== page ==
HCHF organizes training workshop for tailors (2015-16)

Training workshop on monk robes

Realizing the importance of imparting training on tailoring monks’ robes, Himalayan Cultural Heritage Foundation organized a 10-day workshop for tailors at CIBS from 18th August to 28th August 2015. The workshop was conducted by Tashi Lodan, one of the few tailors who have experience and knowledge of sewing monks’ robe. Lodan has learnt from his uncle and has been sewing monks’ dresses as well as other monastic decorations for last 13-14 years. While interacting with the participants Prof. Geshe Konchok Wangdu, President, HCHF and Director of CIBS said, “the monks’ robes play an important role in developing faith in the minds of the people not only for the monks but also in the Buddha’s teaching. Monks are always advised to wear clean and tidy robes, especially in the public places. Therefore, tailors will not only increase their earning but also will accrue merits for this life as well as for next life if they learn the measurements, proportions and sewing them carefully considering it as an offering”.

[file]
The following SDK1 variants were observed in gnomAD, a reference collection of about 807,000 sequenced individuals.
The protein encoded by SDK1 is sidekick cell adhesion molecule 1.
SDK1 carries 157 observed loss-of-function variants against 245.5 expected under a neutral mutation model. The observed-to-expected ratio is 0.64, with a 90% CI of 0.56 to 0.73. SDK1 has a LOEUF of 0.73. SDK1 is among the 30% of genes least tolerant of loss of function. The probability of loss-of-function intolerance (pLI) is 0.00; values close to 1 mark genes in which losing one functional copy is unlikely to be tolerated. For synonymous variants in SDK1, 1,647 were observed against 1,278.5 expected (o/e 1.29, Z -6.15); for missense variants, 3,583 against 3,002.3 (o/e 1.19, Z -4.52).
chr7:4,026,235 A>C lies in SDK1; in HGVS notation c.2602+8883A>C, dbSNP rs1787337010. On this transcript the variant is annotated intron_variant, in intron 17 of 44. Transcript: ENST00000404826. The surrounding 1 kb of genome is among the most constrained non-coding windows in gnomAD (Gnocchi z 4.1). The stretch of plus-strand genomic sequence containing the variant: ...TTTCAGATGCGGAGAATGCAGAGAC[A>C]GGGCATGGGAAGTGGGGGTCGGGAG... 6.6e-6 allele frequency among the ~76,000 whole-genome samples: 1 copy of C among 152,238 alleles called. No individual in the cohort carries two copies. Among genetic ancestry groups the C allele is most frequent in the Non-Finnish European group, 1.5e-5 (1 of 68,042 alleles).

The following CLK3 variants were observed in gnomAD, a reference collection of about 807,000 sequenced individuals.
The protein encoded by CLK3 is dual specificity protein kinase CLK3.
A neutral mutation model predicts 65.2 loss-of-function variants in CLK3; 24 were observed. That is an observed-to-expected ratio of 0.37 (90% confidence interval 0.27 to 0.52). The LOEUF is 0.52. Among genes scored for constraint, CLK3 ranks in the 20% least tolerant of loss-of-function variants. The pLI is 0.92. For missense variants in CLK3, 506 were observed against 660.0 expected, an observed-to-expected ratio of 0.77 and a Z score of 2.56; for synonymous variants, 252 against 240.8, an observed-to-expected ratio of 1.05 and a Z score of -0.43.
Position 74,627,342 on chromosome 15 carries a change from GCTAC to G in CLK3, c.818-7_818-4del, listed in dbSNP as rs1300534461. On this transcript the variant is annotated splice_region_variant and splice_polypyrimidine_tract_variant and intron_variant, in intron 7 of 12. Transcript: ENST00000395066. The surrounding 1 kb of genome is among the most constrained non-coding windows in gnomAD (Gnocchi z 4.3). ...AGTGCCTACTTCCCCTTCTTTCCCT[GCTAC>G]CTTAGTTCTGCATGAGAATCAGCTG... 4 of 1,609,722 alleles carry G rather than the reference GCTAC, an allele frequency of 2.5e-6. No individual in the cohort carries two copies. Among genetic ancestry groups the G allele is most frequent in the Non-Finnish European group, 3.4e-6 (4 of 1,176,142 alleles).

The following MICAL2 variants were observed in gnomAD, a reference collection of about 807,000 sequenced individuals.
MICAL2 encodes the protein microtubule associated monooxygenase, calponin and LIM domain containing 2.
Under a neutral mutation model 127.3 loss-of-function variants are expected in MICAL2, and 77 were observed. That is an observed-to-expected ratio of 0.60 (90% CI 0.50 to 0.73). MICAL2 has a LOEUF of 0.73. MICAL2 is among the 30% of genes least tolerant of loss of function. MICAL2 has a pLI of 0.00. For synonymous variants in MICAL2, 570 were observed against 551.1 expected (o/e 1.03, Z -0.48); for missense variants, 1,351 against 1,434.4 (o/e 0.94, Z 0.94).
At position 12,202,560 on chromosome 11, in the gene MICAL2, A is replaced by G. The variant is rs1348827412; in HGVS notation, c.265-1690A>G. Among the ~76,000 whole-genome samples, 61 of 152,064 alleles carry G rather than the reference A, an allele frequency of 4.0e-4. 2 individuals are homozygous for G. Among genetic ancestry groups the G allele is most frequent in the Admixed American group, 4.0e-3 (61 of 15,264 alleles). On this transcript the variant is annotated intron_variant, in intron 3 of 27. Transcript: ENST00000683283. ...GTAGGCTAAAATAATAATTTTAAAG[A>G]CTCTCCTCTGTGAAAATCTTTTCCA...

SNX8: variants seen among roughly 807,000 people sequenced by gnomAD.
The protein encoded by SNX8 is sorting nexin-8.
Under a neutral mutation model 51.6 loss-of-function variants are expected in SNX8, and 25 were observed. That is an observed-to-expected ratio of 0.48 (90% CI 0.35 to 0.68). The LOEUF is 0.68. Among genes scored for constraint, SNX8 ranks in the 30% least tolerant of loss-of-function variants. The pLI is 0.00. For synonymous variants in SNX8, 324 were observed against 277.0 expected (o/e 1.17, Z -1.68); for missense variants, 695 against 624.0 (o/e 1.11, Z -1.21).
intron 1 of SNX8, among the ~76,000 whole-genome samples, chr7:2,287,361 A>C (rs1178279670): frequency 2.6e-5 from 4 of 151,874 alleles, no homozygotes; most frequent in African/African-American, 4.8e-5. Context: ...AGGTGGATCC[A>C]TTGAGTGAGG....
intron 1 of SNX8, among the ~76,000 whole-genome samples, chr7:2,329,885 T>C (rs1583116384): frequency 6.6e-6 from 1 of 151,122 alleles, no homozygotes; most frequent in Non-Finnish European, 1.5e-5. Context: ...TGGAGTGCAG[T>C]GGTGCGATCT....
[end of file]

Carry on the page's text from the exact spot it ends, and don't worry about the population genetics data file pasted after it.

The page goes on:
Explaining the need of the training the founder/secretary of HCHF Dr Sonam Wangchok Kharzong said, many things have changed but it is undeniable that the robes of monks that came to existence almost two and half thousand years back is still in trend. “Recently, it was found out that very few monks are engaged in handicraft skills such as sewing and tailoring monks’ robes and monastic decorations. Even the tailors in the city did not have any knowledge of it. Therefore, most of the monks get their robes tailored from other parts of India like Karnatak, Dharamsala and Dehradun. Hence, our aim is to revive the skills of Tibetan sewing art in Ladakh” said Dr Sonam Wangchok.

Sixteen tailors from different parts of Ladakh participated in the training workshop. The training comprises of measuring, cutting and sewing. Lodan is pleased to see that HCHF has been able to help these young tailors to sustain themselves and their families by giving them a chance for this vocational training. “Not only does this make each one of them proud and happy, but they are keeping an important part of the Tibetan culture alive by preserving the skills of the Tibetan sewing art” said Lodan. According to Lodan the trainees perfected in sewing Shanthab and Zangos but they need further training for Dhonka/Stod-Gag and other monastic decorations.

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